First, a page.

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LEGO City Wildlife Rescue Sets Review & Thoughts

(Written by William)

2021 has given us quite a few remarkable LEGO sets. Every time I thought, “Well that’s going to be the best thing ever,” LEGO announced something else interesting. The LEGO City Wildlife Rescue collection contains some of those sets I was ecstatic about… until I got distracted by half a dozen other sets.

The reason for my excitement had to do with all the animals created for the collection. The original elephants LEGO released back in 2003 in the LEGO Adventurers line, command a hefty price on the secondary market, so getting new elephants was a welcome surprise. And the LEGO City Wildlife Rescue line also brings us other animals, including lions… oh my!

LEGO City is usually a good base for younger fans to be introduced into the wider LEGO world. The building techniques aren’t spectacular, but they are solid. Unfortunately, the LEGO City line has a massive problem with crime and fire, which means we see an unusual amount of police and firefighters. So it is practically a treat when LEGO City branches out to do things like exploration, construction, and entertainment. And even the occasional twist on their rescue-themed sets like wildlife rescue.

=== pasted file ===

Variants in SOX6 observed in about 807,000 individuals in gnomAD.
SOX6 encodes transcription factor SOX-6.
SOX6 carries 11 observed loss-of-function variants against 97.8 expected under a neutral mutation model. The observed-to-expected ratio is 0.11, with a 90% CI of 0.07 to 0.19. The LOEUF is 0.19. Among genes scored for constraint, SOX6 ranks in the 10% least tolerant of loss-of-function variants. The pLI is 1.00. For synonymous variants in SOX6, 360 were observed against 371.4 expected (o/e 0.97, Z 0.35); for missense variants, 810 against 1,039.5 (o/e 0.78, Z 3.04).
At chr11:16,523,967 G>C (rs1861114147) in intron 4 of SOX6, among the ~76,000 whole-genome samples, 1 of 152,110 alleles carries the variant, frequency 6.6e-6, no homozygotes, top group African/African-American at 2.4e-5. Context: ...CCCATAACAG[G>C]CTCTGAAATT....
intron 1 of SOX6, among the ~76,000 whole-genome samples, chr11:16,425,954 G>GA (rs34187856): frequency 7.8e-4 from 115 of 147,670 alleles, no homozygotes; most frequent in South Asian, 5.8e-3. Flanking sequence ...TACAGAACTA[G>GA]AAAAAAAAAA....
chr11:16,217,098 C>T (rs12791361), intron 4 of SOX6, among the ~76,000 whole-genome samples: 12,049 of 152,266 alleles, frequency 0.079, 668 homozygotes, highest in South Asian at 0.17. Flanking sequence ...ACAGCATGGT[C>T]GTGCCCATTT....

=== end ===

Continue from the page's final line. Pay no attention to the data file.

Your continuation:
LEGO sometimes partners with National Geographic for product lines that feature wildlife rescue and exploration. They have done this with the LEGO City Ocean Exploration sets, LEGO City Arctic sets, and LEGO Friends Jungle Rescue sets. Such partnership usually means that the sets are more realistic and really focus on the rescue and exploration aspects. And they also usually come with a nice variety of animals – often brand new mould. Although the LEGO City Wildlife Rescue sets aren’t made in collaboration with National Geographic, they have similar features to some of the collaborative themes.